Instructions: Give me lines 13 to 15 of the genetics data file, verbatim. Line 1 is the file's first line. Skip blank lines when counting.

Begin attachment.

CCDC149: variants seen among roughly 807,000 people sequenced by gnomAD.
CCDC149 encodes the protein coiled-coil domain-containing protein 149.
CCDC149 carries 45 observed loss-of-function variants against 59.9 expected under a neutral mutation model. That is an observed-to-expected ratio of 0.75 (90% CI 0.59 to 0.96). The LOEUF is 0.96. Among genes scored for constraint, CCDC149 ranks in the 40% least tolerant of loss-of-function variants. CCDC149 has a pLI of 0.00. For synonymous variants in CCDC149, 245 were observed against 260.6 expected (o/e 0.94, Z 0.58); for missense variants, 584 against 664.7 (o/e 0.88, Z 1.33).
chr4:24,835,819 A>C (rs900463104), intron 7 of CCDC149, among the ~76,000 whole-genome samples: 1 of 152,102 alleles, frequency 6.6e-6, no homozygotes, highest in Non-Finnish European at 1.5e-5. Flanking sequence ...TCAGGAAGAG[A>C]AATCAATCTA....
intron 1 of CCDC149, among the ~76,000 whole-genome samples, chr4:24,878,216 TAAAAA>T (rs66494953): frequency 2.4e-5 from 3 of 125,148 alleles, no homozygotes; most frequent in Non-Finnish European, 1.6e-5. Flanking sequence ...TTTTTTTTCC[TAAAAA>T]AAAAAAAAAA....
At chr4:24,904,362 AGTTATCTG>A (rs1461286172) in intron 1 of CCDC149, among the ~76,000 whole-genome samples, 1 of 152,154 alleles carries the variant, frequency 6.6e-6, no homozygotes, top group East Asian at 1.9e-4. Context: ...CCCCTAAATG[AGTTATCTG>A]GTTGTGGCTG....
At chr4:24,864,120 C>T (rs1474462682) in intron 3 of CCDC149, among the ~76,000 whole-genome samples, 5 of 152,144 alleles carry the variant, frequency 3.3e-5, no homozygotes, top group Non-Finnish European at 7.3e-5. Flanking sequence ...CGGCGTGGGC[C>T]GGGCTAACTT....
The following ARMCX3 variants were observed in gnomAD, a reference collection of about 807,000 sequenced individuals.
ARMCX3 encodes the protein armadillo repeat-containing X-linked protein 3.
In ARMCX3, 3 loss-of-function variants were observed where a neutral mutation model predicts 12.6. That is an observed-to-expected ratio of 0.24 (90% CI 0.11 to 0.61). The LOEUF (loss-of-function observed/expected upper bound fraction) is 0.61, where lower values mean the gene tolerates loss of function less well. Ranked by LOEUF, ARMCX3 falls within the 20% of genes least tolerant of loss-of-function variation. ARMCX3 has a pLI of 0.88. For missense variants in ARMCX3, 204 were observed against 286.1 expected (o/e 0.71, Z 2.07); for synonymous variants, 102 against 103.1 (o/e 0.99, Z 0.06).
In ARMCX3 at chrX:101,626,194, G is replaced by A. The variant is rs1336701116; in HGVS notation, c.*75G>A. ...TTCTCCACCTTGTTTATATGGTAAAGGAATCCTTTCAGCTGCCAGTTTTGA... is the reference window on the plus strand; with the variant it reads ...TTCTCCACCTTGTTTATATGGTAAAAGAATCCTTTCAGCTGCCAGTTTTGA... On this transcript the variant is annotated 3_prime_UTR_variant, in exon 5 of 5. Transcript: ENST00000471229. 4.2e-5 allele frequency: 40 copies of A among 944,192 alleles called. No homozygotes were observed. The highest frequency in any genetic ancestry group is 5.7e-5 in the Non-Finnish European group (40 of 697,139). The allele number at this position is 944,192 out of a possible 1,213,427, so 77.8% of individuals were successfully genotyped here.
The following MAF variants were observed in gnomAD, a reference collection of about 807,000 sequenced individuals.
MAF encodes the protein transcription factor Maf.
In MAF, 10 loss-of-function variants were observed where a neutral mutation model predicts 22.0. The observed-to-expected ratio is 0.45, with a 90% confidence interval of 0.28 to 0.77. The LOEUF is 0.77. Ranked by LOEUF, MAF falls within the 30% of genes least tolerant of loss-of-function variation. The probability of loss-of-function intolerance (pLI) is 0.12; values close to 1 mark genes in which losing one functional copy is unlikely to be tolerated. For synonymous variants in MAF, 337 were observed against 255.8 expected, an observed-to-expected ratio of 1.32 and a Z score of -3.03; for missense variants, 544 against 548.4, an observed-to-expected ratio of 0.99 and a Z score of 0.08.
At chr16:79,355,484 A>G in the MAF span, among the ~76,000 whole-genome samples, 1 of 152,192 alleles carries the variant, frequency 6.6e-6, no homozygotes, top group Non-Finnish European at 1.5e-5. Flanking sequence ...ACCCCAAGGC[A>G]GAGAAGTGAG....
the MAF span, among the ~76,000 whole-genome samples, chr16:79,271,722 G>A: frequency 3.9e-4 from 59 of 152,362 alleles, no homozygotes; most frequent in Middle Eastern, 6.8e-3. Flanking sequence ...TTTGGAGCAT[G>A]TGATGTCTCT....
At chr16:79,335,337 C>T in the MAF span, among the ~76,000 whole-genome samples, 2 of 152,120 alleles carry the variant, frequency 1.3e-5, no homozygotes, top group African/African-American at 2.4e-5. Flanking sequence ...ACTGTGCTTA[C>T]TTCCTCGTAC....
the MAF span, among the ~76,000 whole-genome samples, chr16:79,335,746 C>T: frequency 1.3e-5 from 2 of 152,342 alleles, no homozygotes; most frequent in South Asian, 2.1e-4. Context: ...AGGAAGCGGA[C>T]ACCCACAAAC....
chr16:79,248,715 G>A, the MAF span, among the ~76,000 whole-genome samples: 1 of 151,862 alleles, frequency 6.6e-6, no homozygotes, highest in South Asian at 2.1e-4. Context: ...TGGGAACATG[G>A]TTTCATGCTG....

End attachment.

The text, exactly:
MAF encodes the protein transcription factor Maf.
In MAF, 10 loss-of-function variants were observed where a neutral mutation model predicts 22.0. The observed-to-expected ratio is 0.45, with a 90% confidence interval of 0.28 to 0.77. The LOEUF is 0.77. Ranked by LOEUF, MAF falls within the 30% of genes least tolerant of loss-of-function variation. The probability of loss-of-function intolerance (pLI) is 0.12; values close to 1 mark genes in which losing one functional copy is unlikely to be tolerated. For synonymous variants in MAF, 337 were observed against 255.8 expected, an observed-to-expected ratio of 1.32 and a Z score of -3.03; for missense variants, 544 against 548.4, an observed-to-expected ratio of 0.99 and a Z score of 0.08.
At chr16:79,355,484 A>G in the MAF span, among the ~76,000 whole-genome samples, 1 of 152,192 alleles carries the variant, frequency 6.6e-6, no homozygotes, top group Non-Finnish European at 1.5e-5. Flanking sequence ...ACCCCAAGGC[A>G]GAGAAGTGAG....